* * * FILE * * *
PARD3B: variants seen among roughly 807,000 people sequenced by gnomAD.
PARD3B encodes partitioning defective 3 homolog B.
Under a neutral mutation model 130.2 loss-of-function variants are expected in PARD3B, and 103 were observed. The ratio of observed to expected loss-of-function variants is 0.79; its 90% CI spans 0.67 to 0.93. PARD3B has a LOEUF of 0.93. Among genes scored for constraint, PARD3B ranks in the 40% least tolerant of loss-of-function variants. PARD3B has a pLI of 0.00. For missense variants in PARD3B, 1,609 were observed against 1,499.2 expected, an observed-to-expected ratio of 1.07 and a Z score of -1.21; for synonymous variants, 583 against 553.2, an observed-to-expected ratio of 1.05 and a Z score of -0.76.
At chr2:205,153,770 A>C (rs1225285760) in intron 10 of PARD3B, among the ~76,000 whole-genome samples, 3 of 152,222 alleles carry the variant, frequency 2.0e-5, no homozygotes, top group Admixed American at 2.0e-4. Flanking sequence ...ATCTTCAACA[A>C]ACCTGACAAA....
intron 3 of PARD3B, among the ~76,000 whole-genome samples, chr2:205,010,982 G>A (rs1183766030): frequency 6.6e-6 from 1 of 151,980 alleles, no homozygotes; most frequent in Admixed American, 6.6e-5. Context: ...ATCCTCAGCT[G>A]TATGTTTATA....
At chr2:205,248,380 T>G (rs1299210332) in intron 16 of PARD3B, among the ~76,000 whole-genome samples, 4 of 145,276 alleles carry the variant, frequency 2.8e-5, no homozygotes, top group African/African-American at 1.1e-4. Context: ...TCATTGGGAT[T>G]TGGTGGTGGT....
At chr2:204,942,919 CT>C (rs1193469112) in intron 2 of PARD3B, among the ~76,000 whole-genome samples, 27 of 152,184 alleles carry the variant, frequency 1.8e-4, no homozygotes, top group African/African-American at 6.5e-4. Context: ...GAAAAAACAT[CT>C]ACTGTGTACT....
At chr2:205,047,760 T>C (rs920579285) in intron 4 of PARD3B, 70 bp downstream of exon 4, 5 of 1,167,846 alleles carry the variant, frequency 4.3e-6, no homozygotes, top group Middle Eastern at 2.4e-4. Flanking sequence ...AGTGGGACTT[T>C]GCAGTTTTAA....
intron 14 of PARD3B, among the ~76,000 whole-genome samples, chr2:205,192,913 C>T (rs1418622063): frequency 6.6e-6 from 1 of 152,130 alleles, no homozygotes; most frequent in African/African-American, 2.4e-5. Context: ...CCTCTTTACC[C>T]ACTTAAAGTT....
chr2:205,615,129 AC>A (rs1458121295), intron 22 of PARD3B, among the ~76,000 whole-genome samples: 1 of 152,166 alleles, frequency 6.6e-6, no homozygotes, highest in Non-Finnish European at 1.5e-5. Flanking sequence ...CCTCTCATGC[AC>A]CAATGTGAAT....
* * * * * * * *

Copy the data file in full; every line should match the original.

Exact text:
PARD3B: variants seen among roughly 807,000 people sequenced by gnomAD.
PARD3B encodes partitioning defective 3 homolog B.
Under a neutral mutation model 130.2 loss-of-function variants are expected in PARD3B, and 103 were observed. The ratio of observed to expected loss-of-function variants is 0.79; its 90% CI spans 0.67 to 0.93. PARD3B has a LOEUF of 0.93. Among genes scored for constraint, PARD3B ranks in the 40% least tolerant of loss-of-function variants. PARD3B has a pLI of 0.00. For missense variants in PARD3B, 1,609 were observed against 1,499.2 expected, an observed-to-expected ratio of 1.07 and a Z score of -1.21; for synonymous variants, 583 against 553.2, an observed-to-expected ratio of 1.05 and a Z score of -0.76.
At chr2:205,153,770 A>C (rs1225285760) in intron 10 of PARD3B, among the ~76,000 whole-genome samples, 3 of 152,222 alleles carry the variant, frequency 2.0e-5, no homozygotes, top group Admixed American at 2.0e-4. Flanking sequence ...ATCTTCAACA[A>C]ACCTGACAAA....
intron 3 of PARD3B, among the ~76,000 whole-genome samples, chr2:205,010,982 G>A (rs1183766030): frequency 6.6e-6 from 1 of 151,980 alleles, no homozygotes; most frequent in Admixed American, 6.6e-5. Context: ...ATCCTCAGCT[G>A]TATGTTTATA....
At chr2:205,248,380 T>G (rs1299210332) in intron 16 of PARD3B, among the ~76,000 whole-genome samples, 4 of 145,276 alleles carry the variant, frequency 2.8e-5, no homozygotes, top group African/African-American at 1.1e-4. Context: ...TCATTGGGAT[T>G]TGGTGGTGGT....
At chr2:204,942,919 CT>C (rs1193469112) in intron 2 of PARD3B, among the ~76,000 whole-genome samples, 27 of 152,184 alleles carry the variant, frequency 1.8e-4, no homozygotes, top group African/African-American at 6.5e-4. Context: ...GAAAAAACAT[CT>C]ACTGTGTACT....
At chr2:205,047,760 T>C (rs920579285) in intron 4 of PARD3B, 70 bp downstream of exon 4, 5 of 1,167,846 alleles carry the variant, frequency 4.3e-6, no homozygotes, top group Middle Eastern at 2.4e-4. Flanking sequence ...AGTGGGACTT[T>C]GCAGTTTTAA....
intron 14 of PARD3B, among the ~76,000 whole-genome samples, chr2:205,192,913 C>T (rs1418622063): frequency 6.6e-6 from 1 of 152,130 alleles, no homozygotes; most frequent in African/African-American, 2.4e-5. Context: ...CCTCTTTACC[C>T]ACTTAAAGTT....
chr2:205,615,129 AC>A (rs1458121295), intron 22 of PARD3B, among the ~76,000 whole-genome samples: 1 of 152,166 alleles, frequency 6.6e-6, no homozygotes, highest in Non-Finnish European at 1.5e-5. Flanking sequence ...CCTCTCATGC[AC>A]CAATGTGAAT....